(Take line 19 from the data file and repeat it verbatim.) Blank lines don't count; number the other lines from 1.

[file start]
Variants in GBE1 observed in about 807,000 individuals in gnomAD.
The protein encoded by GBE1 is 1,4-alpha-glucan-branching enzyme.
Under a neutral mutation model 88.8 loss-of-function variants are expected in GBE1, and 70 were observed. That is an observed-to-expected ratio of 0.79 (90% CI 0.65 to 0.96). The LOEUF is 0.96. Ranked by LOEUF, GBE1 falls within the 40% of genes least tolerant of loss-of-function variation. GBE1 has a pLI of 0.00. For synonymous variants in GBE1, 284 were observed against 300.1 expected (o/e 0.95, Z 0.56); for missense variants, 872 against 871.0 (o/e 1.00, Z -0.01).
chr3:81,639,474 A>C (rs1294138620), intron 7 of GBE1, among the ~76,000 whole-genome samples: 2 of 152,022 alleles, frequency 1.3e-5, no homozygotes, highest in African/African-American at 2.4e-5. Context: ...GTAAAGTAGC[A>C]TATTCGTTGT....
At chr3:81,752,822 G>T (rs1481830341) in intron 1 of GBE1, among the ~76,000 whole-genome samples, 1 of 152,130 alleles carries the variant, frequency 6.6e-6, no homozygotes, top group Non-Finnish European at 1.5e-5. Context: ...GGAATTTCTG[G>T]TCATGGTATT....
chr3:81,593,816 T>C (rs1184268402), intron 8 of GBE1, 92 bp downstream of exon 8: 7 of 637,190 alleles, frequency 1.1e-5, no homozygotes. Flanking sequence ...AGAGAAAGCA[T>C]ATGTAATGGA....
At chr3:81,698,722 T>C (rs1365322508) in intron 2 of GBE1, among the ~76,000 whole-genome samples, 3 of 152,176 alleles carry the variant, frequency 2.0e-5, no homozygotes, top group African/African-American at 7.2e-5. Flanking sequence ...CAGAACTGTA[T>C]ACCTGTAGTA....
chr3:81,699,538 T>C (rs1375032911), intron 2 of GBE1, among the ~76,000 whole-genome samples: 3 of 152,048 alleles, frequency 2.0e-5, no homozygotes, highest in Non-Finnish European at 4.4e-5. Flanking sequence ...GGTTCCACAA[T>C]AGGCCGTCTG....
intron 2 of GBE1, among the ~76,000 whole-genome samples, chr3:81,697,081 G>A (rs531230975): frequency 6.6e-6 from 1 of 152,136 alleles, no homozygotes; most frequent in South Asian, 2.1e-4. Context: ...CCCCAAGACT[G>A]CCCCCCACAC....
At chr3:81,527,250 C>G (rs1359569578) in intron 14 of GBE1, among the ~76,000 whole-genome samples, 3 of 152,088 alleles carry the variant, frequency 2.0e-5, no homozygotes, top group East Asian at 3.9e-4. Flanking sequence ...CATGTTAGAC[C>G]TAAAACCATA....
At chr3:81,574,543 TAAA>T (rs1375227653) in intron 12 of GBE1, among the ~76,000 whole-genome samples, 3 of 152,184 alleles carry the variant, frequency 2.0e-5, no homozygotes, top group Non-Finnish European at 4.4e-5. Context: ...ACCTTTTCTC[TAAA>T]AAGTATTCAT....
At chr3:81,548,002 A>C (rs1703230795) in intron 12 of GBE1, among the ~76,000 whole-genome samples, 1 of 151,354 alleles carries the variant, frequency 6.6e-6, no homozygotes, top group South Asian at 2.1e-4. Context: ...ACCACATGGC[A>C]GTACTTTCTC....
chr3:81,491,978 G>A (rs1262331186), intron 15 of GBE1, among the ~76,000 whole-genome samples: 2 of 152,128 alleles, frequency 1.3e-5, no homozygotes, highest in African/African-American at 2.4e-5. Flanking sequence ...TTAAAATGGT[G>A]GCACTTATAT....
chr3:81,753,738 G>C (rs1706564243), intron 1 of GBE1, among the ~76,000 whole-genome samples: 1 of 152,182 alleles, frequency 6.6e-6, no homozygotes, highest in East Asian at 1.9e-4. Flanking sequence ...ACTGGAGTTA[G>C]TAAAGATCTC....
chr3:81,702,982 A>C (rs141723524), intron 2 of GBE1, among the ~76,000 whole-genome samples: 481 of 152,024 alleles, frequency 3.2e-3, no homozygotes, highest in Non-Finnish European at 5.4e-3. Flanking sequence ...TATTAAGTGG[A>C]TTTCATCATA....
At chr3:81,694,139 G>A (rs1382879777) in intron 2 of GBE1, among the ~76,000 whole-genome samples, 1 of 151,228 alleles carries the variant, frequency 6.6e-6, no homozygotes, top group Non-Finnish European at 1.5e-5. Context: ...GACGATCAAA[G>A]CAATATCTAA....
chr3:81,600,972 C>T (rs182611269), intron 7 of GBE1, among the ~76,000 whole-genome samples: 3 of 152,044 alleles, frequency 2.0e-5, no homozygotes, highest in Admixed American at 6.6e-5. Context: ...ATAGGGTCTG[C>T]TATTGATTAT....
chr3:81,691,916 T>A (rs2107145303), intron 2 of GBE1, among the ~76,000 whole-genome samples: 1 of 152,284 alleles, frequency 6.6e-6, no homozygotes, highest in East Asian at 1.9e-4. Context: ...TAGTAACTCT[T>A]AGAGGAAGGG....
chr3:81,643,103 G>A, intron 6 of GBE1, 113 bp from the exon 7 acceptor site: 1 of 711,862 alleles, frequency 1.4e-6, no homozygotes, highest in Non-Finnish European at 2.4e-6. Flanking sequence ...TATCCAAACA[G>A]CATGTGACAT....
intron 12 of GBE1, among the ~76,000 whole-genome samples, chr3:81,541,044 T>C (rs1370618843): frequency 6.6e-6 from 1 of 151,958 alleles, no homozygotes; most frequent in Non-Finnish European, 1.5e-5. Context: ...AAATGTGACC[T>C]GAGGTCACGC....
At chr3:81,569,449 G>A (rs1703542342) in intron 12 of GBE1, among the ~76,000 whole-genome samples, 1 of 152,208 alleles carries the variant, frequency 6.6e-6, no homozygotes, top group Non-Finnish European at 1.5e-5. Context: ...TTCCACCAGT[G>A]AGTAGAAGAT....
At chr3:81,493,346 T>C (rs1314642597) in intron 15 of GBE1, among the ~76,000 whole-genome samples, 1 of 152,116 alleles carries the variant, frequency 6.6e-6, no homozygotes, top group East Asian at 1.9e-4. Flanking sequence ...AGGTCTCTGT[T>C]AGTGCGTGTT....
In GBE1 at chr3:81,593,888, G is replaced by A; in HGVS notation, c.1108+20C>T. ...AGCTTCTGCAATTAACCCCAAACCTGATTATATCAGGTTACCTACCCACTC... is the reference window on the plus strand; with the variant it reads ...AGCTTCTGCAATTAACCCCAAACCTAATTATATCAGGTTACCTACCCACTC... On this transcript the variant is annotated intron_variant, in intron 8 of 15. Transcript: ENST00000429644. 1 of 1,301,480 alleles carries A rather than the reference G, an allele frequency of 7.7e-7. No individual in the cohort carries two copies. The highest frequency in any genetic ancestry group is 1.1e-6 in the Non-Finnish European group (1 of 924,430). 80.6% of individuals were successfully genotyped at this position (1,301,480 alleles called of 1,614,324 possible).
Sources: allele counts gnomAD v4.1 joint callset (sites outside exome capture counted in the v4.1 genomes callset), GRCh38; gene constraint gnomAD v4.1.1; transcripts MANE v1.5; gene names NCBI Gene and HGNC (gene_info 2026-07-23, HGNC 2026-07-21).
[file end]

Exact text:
chr3:81,643,103 G>A, intron 6 of GBE1, 113 bp from the exon 7 acceptor site: 1 of 711,862 alleles, frequency 1.4e-6, no homozygotes, highest in Non-Finnish European at 2.4e-6. Flanking sequence ...TATCCAAACA[G>A]CATGTGACAT....